Four key points arise about volcanic processes and timings from studies of young TVZ silicic volcanic rocks at Taupo and Okataina.

  1. Crystals in the eruption products are a mixture (just like in andesites). Some crystals (or their outer parts) are phenocrystic, grown in the evolving melt in which they were erupted; others are antecrystic, grown in forerunner parental melts; while others are xenocrystic, derived from unrelated sources. Age data and compositional and/or isotopic contrasts in zircon or other minerals can distinguish between the different crystal origins (Charlier et al. 2005). Mineral populations include variety at the whole-grain scale due to mixing (Storm et al. 2014), or a contrast between diverse, older cores extracted from the deeper magmatic roots and uniform rims grown in the melt-dominant body (a magmatic E Pluribus Unum) (Allan et al. 2013). Evidence for the existence of melt-dominant bodies may be muted or absent in the crystals that are left behind and that go to form any associated growing plutonic body.
  2. The (geo-)chemical processes involved in the development of a magma act on separate, longer timescales than the physical processes which assemble the erupted melt-dominant body. For example, the magma system for the 25.4 ka Oruanui eruption has a source history going back to ~100 ka, but the 530 km3 erupted magma body was assembled in <3,000 years (Allan et al. 2013), and the magma system was largely reset with respect to compositions and zircon age spectra in <5,000 years after the Oruanui eruption (Barker et al. 2014; Fig. 2). The TVZ rhyolites emphasise that eruptible melt-dominant bodies are ephemeral entities associated with longer-lived crystal-dominant plutonic sources.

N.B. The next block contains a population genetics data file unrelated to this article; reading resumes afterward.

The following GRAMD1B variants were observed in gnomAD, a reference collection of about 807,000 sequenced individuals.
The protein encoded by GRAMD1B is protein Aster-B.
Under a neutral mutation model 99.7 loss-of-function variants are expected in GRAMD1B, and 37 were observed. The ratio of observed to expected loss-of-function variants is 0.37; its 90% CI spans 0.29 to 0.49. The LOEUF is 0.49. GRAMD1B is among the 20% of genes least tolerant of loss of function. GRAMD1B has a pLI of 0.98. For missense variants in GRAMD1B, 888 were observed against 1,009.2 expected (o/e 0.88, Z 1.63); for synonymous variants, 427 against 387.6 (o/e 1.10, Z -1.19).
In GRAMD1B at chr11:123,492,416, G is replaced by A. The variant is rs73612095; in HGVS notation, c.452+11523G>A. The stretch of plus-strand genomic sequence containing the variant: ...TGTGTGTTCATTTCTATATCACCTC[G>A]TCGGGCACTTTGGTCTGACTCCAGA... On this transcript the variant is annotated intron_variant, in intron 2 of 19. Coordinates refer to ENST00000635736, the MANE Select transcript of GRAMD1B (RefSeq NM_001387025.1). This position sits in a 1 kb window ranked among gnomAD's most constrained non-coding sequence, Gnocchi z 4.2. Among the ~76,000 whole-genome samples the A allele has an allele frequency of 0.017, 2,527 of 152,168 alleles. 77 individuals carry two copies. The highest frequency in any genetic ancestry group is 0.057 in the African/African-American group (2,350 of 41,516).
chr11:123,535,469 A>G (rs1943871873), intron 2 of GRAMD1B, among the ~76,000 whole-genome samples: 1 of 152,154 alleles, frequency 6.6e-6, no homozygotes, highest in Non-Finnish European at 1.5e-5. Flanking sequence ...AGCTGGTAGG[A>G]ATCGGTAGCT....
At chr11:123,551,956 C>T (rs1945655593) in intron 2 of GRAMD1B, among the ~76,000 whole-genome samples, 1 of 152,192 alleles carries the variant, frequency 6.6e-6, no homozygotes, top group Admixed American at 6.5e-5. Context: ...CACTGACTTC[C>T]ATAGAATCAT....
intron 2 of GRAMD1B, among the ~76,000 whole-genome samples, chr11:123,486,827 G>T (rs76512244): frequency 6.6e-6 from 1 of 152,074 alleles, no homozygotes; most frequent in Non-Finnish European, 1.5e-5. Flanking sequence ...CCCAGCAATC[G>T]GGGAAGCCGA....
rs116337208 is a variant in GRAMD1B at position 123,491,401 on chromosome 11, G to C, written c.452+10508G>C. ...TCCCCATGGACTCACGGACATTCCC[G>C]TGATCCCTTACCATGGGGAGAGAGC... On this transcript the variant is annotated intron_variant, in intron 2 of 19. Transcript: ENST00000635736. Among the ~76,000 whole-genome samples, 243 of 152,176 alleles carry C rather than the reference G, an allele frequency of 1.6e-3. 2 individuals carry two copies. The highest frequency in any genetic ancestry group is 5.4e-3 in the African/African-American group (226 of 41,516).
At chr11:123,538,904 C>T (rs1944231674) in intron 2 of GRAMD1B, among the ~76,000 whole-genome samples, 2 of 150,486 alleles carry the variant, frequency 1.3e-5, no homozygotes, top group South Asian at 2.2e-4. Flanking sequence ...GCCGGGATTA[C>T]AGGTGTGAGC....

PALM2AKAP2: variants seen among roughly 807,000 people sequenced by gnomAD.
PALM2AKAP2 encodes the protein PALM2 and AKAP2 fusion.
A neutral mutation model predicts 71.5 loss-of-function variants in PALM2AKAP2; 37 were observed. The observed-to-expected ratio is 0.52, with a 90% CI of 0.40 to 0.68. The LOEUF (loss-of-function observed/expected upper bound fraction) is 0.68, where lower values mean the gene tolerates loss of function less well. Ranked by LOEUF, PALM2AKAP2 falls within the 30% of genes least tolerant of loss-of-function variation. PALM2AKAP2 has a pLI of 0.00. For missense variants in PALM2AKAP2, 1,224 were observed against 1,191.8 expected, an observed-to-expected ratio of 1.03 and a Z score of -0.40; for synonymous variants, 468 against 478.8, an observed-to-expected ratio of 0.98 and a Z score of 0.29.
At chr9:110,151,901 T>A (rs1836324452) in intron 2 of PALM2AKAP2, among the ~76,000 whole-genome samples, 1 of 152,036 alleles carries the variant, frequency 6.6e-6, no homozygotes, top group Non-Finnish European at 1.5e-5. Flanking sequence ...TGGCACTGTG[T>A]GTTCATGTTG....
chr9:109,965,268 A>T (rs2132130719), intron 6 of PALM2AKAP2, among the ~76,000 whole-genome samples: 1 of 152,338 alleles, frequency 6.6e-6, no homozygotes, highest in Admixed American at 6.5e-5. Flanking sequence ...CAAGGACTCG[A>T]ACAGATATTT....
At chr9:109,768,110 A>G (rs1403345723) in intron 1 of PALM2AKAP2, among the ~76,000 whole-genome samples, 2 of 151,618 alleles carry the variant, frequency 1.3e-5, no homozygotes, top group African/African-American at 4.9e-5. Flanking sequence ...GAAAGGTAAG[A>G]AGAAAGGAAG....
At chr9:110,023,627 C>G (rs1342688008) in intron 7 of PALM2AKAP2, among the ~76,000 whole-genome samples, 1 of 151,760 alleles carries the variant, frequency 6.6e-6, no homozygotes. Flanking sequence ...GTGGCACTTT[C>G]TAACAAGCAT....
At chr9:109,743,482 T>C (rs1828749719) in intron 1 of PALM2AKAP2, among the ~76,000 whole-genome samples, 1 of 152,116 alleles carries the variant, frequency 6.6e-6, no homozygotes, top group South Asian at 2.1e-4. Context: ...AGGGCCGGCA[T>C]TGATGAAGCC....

3. There may be multiple melt-dominant bodies present simultaneously in the shallow crust, each with independent crystallization histories (from zircon age spectra) and geochemical origins (e.g. Shane et al. 2008; Allan et al. 2012; Storm et al. 2014). Despite their eruptive vigour, neither Taupo nor Okataina volcanoes developed a single, all-encompassing magmatic system; instead, they have multiple heterogeneous magmatic domains developed over vertical and horizontal length scales of kilometres to tens of kilometres.